Johnson Rebounds: The British Museum decides
from our reporter
LONDON – The Most Valuable Treasures Announcement Has Been Preserved Athena Against the Parthenon Marble: This is what the Greek government has come to do to recover the statues stolen from the Acropolis at the beginning of the nineteenth century by Lord Elgin and which are now on display in the British Museum in London.
The idea of a barter emerged on the sidelines of the meeting, Tuesday, between Boris Johnson and Greek Prime Minister Kyriakos Mitsotakis.. Athena would be willing to grant, with a long-term loan, even the legendary mask of Agamemnon, the centerpiece of the Mycenaean treasure, as well as the Chronicle of Cape Artemisius, one of the few surviving bronze statues of the Classical era, representing Zeus or Poseidon: all the masterpieces housed in the Archaeological Museum of the Greek capital.
This is the final attempt to achieve Recreating the Parthenon MarbleAnd Which the Greeks have been demanding for decades. The statues that adorned the dome and the frieze of the temple on the Acropolis were taken by Lord Elgin, the British ambassador two centuries before the Ottoman Empire, which ruled Greece at the time: London has always maintained that it was a legal purchase, but Athena, Mitsotakis has thus far asserted, believes that it “stolen” and that there are no original documents to support the British allegations.
The strange thing is that Johnson had dealt with this issue since his student years at Oxford. As president of the Oxford Union, the famous university’s student debate society, Boris staged a showdown called “The Marbles Must Be Returned to Athens,” in which actress Melina Mercouri, then Greek Minister of Culture, was invited to participate: If then Johnson himself wrote an article for the university’s magazine where he claimed the opposite. completely.
«I think the approach under which marbles belong to the British Museum is somewhat outdatedHe claimed Mitsotakis on British television, saying he was ready to “present objects and treasures of the British Museum that never left Greece”, as long as the Parthenon statues return to the Acropolis “forever”. The Greek Prime Minister clarified that “our request does not come like a thunderbolt out of the blue. We will continue to pursue our reasons with the British public for the reunification of the marbles at the Acropolis Museum: we will do everything to achieve the goal.”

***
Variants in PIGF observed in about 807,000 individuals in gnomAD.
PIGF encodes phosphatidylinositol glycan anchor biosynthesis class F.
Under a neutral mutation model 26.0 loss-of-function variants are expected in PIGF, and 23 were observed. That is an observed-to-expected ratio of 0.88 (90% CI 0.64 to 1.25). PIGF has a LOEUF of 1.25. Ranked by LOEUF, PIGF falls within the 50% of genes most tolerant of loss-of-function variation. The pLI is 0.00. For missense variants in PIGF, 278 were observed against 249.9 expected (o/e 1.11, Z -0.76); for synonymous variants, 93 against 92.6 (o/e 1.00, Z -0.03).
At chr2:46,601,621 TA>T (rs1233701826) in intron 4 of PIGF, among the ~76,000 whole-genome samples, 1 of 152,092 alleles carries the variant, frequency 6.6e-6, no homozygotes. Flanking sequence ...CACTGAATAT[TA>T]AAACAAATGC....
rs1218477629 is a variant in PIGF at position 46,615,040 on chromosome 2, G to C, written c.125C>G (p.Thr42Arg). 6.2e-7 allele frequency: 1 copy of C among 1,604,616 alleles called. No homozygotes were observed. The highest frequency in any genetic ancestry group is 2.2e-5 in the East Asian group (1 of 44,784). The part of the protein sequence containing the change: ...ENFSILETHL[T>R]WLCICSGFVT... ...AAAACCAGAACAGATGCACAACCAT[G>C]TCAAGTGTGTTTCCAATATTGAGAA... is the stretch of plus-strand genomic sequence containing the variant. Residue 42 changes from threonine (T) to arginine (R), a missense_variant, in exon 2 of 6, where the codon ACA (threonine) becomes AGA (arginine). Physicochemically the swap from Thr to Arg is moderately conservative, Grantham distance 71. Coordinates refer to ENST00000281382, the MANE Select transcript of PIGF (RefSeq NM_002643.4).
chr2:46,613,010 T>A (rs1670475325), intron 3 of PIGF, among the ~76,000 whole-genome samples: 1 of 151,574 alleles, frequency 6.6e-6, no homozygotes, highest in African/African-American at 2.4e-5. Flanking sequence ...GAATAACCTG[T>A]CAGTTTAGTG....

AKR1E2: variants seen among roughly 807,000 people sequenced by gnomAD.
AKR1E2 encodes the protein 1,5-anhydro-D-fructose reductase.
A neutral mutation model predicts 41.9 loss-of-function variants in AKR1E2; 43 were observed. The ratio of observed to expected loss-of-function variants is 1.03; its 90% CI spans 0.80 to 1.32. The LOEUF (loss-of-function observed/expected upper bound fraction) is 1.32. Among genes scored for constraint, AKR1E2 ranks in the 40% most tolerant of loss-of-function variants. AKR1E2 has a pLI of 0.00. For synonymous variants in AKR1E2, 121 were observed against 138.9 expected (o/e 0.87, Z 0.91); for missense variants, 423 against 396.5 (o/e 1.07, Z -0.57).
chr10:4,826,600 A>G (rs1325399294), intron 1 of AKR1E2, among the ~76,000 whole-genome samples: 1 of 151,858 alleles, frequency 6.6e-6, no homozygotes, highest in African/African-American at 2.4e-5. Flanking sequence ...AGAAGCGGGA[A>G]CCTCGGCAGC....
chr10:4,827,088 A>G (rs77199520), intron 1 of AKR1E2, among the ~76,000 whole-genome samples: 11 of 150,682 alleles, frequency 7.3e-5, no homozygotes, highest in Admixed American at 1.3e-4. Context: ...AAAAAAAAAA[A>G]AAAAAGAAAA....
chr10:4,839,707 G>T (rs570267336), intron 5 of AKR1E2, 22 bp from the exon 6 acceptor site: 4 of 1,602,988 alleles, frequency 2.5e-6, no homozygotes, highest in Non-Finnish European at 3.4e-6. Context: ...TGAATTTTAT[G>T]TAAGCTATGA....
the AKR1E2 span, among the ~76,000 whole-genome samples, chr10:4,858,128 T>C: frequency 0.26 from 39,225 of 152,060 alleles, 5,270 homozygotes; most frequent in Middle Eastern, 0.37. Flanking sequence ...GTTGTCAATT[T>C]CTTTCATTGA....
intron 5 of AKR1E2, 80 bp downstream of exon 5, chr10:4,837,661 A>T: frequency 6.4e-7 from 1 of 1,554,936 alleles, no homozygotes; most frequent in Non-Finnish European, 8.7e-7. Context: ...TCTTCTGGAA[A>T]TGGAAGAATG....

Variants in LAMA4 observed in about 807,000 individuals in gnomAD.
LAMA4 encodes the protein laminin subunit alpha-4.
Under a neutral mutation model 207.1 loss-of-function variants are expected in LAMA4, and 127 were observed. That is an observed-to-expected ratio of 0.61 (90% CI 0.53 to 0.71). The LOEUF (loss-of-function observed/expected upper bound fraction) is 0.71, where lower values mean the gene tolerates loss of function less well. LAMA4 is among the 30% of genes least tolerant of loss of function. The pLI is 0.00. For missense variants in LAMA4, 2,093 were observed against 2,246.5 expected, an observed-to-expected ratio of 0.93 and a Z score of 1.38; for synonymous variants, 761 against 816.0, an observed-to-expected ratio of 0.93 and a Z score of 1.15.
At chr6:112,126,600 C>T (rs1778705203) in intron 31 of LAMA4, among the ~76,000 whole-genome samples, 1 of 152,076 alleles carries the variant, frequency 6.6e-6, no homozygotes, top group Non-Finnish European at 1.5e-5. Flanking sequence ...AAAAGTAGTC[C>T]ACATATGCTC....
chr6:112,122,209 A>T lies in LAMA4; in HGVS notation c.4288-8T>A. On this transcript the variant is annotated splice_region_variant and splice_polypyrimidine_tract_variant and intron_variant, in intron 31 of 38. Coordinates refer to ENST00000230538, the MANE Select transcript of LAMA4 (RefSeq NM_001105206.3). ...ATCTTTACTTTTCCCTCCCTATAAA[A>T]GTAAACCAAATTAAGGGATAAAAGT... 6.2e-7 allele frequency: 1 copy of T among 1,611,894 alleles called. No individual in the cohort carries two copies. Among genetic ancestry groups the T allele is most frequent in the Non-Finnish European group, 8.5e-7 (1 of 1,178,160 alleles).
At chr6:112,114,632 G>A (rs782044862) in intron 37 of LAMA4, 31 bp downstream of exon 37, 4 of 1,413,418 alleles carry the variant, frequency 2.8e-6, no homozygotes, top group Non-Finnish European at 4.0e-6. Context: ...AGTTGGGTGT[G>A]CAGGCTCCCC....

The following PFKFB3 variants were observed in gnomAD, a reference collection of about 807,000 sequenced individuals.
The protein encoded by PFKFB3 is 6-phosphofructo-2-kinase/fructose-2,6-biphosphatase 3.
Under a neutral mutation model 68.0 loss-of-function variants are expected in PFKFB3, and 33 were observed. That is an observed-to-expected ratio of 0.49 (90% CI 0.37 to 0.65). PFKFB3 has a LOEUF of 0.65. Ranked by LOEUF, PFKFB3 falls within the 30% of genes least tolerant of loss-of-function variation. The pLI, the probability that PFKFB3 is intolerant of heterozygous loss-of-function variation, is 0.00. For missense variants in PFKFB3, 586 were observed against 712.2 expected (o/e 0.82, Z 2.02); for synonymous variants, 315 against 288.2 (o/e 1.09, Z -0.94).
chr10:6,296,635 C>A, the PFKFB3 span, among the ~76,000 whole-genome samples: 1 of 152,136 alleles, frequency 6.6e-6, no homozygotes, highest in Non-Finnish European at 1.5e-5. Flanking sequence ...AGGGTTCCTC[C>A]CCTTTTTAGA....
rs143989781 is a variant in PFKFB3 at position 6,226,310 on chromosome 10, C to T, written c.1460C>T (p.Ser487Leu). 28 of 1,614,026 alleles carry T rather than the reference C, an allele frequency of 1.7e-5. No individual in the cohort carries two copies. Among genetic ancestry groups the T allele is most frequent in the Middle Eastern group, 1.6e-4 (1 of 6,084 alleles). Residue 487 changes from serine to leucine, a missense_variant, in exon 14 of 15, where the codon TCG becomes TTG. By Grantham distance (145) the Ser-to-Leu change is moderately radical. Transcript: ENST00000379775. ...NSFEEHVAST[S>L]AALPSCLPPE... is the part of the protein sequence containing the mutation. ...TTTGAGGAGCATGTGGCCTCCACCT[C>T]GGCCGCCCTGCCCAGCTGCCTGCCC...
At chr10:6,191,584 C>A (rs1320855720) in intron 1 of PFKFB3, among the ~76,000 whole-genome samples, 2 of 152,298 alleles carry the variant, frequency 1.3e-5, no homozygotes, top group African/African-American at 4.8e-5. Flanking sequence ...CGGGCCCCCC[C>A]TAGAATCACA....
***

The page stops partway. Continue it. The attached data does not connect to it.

But Johnson in Tuesday’s meeting rejected his Greek colleague’s requests for a rubber wall: While acknowledging “the strength of the sentiments of the Greek people”, Downing Street’s position is that it is not the responsibility of the British government, but the British Museum itself to be decided.
They have always maintained in London that the Parthenon statues were in a state of complete abandonment in the nineteenth century and They were basically saved from destruction by Lord Elgin: While they are now displayed in the British Museum instead of in Athens makes it accessible to a much wider audience.
But the Greek demand is now part of the broader campaign to return stolen treasures to the countries of origin in the colonial era: it is a movement that draws its strength from critical reinterpretations of Western history, and one that is very powerful in Anglo-Saxon countries. Many governments agreed, for example, to return the Benin Bronze, It is among the greatest examples of African art which was looted by the British at the end of the nineteenth century and then spread to various museums: but even in this case the British Museum has hitherto been outspokenly opposed.
Nov 17, 2021 (change on Nov 17, 2021 | 22:01)
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